Friday, December 9, 2011

Shame review

There are some scenes in Shame that are among the most powerful scenes in cinema this year and Steve McQueen is easily becoming one of the best up-and-coming filmmakers out there today. Shame is just his second film and yet he already exudes a style that is specific to him. Unfortunately, his style can be a bit on the self-indulgent side and I don't think it always helps serve the story. Still, given the subject matter, Shame is a very successful movie. It's a movie about sex addiction and it never shows any restraint in its depiction of sex, but it also never shows sex in a titillating, erotic manner. McQueen does a great of job of first showing Michael Fassbender's character Brandon express enjoyment and pleasure from having sex to later showing him feel pain, remorse, and the feeling that he's completely helpless in his addiction.

Brandon is a rich 30-something year old living in Manhattan who enjoys two things: pleasuring himself and having sex with other women. He does his best not to let it affect his work life where he's actually blossoming, but when his sister Sissy moves in, everything goes wrong for him. Brandon is the type who seemingly does not enjoy human contact if it's not on a sexual level. He reluctantly lets his sister stay at his apartment but is constantly annoyed by her presence, especially when she ends up sleeping with his boss. Suddenly, Brandon's personal space is limited to his bedroom and the bathroom and when that space is violated, it leaves him with even fewer options. And with that, Brandon becomes a man whose sexual urges start to spiral out of control. Even in his attempts to right himself and throw out all of his dirty magazines, Brandon's urges keep growing and becoming worse.

Yes, Shame is rated NC-17. There's a lot of sex scenes in the movie, Fassbender's penis is in quite a few scenes (but mostly in the beginning). It's raw and does not hold back from showing sex. For some, that might be and will be off-putting and if you can't handle that, you may not want to see this movie. Shame, though, is anything but pornographic. If anything, it's anti-pornographic. It succeeds in showing the dangers of sexual addiction and when Brandon's life goes out of control, it really goes out of control. Steve McQueen never attempts to tell you what it all means or whether or not Brandon will ever get better. I think it would be dishonest if everything wrapped up in a little neat package for Brandon. You can't just get rid of an addiction that serious unless you attempt to get some professional help.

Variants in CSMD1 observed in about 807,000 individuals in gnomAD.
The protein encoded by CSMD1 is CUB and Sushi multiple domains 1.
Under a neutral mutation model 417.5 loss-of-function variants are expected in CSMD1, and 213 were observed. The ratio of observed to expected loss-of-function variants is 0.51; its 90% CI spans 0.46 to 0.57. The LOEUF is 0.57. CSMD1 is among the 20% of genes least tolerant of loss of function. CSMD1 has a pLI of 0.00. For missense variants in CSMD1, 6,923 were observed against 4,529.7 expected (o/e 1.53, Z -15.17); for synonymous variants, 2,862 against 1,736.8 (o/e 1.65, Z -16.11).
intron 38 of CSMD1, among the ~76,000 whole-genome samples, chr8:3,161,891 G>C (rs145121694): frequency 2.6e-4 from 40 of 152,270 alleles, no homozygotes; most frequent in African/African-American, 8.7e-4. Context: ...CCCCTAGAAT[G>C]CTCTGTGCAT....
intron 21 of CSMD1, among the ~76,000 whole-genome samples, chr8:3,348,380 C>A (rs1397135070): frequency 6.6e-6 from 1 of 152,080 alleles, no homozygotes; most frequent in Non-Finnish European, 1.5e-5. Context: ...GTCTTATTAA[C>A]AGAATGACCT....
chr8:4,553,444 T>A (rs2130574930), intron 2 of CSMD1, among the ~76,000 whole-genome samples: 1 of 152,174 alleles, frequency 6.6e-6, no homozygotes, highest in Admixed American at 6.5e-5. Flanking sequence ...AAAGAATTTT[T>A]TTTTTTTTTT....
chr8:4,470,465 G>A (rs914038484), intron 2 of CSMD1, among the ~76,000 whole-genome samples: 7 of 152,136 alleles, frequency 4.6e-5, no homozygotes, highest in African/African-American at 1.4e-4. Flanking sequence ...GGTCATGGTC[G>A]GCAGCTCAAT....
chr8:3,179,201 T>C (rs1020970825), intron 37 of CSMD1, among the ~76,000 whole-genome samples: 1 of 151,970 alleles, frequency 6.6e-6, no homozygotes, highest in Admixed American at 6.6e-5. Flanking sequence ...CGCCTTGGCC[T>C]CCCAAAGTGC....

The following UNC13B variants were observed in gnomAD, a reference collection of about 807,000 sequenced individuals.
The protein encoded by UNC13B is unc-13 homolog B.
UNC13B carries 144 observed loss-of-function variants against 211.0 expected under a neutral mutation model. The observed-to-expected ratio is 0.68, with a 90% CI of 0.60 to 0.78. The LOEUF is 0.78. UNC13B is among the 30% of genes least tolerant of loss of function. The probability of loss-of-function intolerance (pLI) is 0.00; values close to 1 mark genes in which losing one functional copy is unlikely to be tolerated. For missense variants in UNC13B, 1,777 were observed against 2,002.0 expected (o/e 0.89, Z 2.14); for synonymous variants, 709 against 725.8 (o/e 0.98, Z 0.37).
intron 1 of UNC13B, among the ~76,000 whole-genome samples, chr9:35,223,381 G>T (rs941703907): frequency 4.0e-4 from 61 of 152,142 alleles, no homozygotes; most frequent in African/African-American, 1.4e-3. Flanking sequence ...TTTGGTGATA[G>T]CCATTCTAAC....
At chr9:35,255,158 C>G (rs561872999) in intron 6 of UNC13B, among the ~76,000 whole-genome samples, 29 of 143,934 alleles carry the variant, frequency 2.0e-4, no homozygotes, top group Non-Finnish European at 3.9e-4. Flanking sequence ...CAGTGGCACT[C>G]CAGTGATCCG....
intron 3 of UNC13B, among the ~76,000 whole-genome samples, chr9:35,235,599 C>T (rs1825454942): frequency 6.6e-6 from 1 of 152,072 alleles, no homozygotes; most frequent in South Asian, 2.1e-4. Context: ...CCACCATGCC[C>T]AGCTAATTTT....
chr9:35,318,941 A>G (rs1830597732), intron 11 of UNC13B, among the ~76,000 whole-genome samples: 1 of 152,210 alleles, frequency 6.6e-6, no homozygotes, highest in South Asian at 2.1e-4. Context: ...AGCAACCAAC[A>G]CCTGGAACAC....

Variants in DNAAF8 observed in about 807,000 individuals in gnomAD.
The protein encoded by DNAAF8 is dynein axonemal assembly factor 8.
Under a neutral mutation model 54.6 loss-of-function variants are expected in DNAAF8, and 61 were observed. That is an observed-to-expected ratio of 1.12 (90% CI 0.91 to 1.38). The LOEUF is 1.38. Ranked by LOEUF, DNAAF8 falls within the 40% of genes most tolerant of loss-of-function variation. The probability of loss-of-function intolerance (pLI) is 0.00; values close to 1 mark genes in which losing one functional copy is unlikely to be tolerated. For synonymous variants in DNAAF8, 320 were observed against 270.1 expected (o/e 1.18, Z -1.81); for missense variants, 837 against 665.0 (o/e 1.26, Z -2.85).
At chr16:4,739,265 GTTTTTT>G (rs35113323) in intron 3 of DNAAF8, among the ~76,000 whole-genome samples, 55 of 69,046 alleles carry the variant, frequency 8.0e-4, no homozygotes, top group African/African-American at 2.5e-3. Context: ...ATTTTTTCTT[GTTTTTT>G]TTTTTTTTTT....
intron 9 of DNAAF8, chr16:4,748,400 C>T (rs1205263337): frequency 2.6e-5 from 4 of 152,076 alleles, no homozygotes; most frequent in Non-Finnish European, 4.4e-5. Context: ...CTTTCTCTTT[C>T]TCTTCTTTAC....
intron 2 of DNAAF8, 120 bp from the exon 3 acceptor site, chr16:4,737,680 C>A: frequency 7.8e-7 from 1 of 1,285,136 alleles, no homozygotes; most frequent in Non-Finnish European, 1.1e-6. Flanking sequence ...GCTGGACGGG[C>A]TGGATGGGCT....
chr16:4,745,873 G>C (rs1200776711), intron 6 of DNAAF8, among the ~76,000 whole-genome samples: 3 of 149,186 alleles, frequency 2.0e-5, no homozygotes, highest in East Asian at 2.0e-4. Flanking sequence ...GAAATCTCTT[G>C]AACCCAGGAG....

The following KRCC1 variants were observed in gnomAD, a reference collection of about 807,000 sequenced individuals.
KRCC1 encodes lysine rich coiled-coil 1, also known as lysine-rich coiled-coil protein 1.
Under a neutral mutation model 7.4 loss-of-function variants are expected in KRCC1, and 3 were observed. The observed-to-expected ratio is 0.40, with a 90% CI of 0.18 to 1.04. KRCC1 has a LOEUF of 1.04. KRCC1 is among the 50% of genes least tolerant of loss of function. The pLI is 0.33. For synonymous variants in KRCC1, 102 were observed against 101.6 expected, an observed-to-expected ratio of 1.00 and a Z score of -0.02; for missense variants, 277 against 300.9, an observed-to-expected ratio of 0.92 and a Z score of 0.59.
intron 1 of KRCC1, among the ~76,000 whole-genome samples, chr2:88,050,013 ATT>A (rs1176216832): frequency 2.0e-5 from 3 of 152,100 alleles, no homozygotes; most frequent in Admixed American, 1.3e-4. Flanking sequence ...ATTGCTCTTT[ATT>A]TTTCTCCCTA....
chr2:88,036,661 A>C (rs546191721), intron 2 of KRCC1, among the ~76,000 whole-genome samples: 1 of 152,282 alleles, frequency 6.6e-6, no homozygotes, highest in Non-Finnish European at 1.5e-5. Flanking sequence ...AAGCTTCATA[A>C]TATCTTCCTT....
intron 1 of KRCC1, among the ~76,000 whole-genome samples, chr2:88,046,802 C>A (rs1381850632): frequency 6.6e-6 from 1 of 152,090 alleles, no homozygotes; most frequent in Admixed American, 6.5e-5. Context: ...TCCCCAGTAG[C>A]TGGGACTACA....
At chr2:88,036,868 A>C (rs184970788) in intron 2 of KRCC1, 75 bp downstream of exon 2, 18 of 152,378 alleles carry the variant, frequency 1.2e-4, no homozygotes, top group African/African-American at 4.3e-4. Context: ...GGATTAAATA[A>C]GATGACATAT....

Michael Fassbender is at his best in this film as is Carey Mulligan. But Fassbender really goes all out with almost no restraint. That is such a valuable trait to have in an actor and Steve McQueen must be thankful in having an actor so committed to the work, especially considering the subject matter. You never doubt Fassbender for a second and the academy would be unwise to ignore Fassbender in the best actor category.

Shame has some minor flaws to it though. The dialogue can feel a bit too stiff even though there are some strong moments like the confrontation between Brandon and Sissy towards the end. Like I mentioned earlier, there is also some tendency for McQueen to get a bit self-indulgent with his long shots. It worked in his brutal debut "Hunger" but not so much in "Shame." I do think Shame is a better film overall, but there are scenes like when Brandon is jogging and the camera stays in a one-shot watching him jog. It's nice to look at, but it's not exactly fascinating cinema. I applaud and admire Steve McQueen for sticking with his convictions and having a strong sense of style. But in a movie with such a powerful story as this, he doesn't need his artful long shots all the time.

Shame is still a great film and Steve McQueen is definitely a director on the rise. Michael Fassbender continues to be an acting powerhouse and should be a dream to work with for any director. If it weren't for some indulgences here and there, Shame would be my favorite film of the year. But I like the idea that McQueen is a great director, young in his career, that has room for improvement. As good as Shame is, he can do better, and I'm excited to see him continuing to get better.


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